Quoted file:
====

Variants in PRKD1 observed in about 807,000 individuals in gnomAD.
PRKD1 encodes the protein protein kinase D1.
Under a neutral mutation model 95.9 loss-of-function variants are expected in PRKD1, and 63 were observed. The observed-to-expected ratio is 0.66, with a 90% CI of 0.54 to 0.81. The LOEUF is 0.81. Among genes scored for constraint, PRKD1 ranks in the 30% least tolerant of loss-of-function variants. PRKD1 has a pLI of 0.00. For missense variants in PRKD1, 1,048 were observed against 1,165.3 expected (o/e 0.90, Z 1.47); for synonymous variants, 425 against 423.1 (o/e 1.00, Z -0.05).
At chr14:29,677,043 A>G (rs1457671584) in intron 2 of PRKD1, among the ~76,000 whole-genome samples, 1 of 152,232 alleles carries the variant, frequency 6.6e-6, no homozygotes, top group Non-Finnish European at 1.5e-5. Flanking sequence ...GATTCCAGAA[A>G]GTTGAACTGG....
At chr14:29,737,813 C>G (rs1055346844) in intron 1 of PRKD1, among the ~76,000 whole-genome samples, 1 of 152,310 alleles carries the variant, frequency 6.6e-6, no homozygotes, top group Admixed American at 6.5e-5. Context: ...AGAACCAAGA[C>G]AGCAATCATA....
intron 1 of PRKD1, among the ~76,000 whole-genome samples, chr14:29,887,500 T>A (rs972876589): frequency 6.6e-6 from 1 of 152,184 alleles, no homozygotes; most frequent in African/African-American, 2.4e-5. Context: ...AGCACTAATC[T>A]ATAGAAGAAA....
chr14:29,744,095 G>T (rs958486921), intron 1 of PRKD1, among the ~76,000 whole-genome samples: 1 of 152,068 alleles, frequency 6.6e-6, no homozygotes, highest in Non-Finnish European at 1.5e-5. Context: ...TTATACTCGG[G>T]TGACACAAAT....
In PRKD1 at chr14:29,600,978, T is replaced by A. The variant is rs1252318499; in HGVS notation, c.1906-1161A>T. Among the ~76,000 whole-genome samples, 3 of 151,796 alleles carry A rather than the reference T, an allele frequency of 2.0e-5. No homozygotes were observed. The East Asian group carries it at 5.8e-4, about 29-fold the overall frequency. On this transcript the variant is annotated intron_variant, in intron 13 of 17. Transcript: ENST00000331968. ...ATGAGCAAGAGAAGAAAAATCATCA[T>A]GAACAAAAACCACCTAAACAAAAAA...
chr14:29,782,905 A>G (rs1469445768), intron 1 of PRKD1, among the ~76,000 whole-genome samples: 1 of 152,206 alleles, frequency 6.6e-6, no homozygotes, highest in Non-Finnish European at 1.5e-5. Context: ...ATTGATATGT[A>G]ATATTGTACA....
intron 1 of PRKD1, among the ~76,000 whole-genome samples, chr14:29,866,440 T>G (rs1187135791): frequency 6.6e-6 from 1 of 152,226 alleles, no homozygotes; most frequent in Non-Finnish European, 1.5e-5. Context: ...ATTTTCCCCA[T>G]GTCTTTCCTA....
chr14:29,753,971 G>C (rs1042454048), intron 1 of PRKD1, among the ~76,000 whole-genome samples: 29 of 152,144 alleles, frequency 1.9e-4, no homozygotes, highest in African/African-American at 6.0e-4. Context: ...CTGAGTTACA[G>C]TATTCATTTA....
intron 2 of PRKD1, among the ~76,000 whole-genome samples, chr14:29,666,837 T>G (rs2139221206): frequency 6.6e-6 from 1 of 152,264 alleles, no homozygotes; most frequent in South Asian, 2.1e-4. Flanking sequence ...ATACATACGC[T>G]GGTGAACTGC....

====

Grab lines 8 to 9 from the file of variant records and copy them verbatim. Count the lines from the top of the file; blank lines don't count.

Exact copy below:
In PRKD1 at chr14:29,600,978, T is replaced by A. The variant is rs1252318499; in HGVS notation, c.1906-1161A>T. Among the ~76,000 whole-genome samples, 3 of 151,796 alleles carry A rather than the reference T, an allele frequency of 2.0e-5. No homozygotes were observed. The East Asian group carries it at 5.8e-4, about 29-fold the overall frequency. On this transcript the variant is annotated intron_variant, in intron 13 of 17. Transcript: ENST00000331968. ...ATGAGCAAGAGAAGAAAAATCATCA[T>A]GAACAAAAACCACCTAAACAAAAAA...
chr14:29,782,905 A>G (rs1469445768), intron 1 of PRKD1, among the ~76,000 whole-genome samples: 1 of 152,206 alleles, frequency 6.6e-6, no homozygotes, highest in Non-Finnish European at 1.5e-5. Context: ...ATTGATATGT[A>G]ATATTGTACA....